U.S. Water News Online
LAS VEGAS -- Seven Western states have signed a sweeping
agreement to conserve and share scarce Colorado River water, ending a
divisive battle among the thirsty rivals.
More than 30 million people in California, Arizona, Nevada,
Wyoming, Utah, Colorado and New Mexico are affected by the historic
The 20-year plan, which took effect with Interior Secretary Dirk
Kempthorne's signature, resolved several legal disputes among water
agencies and formalized rules to cooperate during the ongoing drought
gripping the region.
A key element of the drought plan lets the lower-basin states of
California, Nevada and Arizona use the vast Lake Mead reservoir
behind Hoover Dam to store water they conserve or don't need for use
For the Metropolitan Water District of Southern California, that
arrangement could mean storing almost 1.5 million acre feet of
conserved water in the lake, said Timothy F. Brick, the chief of the
MWD board. The district is the water wholesaler to 26 cities and
water districts serving some 18 million people.
"This landmark new plan will help California recover some of the
water reliability Mother Nature has taken away during the eight years
of record drought," Brick added.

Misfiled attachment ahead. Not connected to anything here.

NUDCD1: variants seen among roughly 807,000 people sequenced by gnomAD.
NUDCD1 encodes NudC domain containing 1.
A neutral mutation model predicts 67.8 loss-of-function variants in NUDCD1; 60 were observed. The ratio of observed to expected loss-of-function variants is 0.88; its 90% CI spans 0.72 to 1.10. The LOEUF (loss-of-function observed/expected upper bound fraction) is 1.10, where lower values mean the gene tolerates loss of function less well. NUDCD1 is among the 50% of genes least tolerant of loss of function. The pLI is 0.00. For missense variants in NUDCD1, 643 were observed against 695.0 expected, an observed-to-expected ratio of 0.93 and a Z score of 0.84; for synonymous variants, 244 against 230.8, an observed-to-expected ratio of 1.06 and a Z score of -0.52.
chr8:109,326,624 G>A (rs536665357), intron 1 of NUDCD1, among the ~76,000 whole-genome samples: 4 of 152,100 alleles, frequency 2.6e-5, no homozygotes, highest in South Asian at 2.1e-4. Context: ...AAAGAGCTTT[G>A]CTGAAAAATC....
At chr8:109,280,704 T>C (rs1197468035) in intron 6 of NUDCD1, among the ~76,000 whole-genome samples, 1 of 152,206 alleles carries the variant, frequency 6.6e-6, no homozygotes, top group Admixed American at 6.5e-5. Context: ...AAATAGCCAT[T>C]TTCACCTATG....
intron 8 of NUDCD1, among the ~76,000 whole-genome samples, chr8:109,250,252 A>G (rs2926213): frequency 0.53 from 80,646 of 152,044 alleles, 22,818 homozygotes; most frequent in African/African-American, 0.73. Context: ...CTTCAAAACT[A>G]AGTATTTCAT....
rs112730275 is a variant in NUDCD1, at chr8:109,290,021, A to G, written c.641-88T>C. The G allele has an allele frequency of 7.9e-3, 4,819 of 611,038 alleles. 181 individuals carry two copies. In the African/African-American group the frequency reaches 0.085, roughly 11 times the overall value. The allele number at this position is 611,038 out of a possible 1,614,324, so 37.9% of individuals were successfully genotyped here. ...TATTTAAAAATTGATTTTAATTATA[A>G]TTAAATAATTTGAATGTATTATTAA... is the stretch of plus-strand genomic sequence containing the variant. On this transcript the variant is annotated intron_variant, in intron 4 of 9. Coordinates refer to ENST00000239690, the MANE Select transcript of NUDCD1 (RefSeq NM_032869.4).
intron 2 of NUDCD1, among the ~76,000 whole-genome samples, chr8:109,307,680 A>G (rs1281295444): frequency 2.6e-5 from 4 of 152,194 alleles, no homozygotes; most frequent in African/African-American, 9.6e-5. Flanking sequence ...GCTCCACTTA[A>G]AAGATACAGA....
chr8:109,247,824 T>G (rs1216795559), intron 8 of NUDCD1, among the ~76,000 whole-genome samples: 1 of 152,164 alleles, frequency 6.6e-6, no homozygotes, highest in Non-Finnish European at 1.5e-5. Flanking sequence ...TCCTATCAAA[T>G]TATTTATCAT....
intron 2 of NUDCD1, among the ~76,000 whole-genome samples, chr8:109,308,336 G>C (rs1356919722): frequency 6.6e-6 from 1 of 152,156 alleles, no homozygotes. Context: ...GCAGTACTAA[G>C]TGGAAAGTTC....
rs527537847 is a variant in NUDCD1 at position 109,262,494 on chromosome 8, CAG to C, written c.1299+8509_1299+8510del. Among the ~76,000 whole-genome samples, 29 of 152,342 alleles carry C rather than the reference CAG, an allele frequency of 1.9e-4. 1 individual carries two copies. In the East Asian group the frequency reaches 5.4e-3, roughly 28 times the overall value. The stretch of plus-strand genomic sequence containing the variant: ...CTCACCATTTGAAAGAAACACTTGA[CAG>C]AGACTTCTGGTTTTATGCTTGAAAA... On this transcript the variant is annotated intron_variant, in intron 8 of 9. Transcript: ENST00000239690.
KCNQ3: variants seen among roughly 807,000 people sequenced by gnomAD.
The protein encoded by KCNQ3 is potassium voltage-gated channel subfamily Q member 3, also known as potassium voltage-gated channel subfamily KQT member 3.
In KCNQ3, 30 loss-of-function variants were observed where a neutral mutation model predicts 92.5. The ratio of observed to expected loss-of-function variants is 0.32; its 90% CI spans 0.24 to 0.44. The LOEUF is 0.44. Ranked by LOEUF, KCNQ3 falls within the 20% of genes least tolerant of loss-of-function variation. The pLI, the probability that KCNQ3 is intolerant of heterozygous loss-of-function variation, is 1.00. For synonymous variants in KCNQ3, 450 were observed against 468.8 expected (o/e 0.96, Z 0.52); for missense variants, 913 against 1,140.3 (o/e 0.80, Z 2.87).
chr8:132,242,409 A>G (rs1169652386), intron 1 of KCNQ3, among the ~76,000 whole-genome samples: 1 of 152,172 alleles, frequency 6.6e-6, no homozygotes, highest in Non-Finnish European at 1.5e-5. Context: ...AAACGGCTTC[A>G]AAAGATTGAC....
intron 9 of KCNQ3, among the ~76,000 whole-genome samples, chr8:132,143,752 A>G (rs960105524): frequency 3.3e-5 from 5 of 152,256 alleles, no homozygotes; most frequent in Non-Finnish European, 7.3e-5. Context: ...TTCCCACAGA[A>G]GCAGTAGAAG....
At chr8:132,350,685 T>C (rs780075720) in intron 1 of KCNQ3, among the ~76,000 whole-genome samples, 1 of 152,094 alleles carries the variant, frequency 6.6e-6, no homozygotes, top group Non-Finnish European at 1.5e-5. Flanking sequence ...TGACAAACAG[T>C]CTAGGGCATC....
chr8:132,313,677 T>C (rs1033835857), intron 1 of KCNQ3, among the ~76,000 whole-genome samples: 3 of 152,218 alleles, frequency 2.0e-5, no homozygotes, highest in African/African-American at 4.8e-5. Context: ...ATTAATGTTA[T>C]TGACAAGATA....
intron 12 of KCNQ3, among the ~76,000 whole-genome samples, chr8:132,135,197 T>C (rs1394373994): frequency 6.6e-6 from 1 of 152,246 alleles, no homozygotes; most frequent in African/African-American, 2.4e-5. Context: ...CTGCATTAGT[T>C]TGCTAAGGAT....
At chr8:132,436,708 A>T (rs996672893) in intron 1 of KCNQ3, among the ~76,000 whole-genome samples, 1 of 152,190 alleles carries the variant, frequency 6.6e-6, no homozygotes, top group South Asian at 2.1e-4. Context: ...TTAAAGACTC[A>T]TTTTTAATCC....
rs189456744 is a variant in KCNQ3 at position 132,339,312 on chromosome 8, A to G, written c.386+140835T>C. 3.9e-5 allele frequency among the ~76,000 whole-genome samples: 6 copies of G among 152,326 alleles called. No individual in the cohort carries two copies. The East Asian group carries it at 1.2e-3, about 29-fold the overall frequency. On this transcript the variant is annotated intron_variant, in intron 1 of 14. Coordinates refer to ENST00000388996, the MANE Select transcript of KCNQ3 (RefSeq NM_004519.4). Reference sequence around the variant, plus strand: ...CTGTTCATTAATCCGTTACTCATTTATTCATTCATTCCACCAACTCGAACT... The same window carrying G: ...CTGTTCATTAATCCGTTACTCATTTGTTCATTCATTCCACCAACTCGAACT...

The plan specifies how and when agencies in each state will face
reductions during drought, and set new rules allowing the reservoirs
of lakes Powell and Mead "to rise and fall in tandem, thereby better
sharing the risk of drought," Kempthorne said.
The agreements also establish rules for handling surplus water in
times of plentiful runoff, and they encourage water conservation.
"It's easy to be gracious when you have a surplus," Kempthorne
said. "It is far tougher in a time of scarcity."
Another agreement lets the Las Vegas-based Southern Nevada Water
Authority build a reservoir just north of the U.S. border in
California to capture excess water that would otherwise flow into
In return for funding the project, expected to cost more than $175
million, Las Vegas will be allowed to draw up to 400,000 acre feet of
water to slake the thirst of a fast-growing region that has reached
the limit of water it can draw from Lake Mead.
Officials say an acre-foot, or about 326,000 gallons, is about
enough water to supply two southern Nevada homes for a year.
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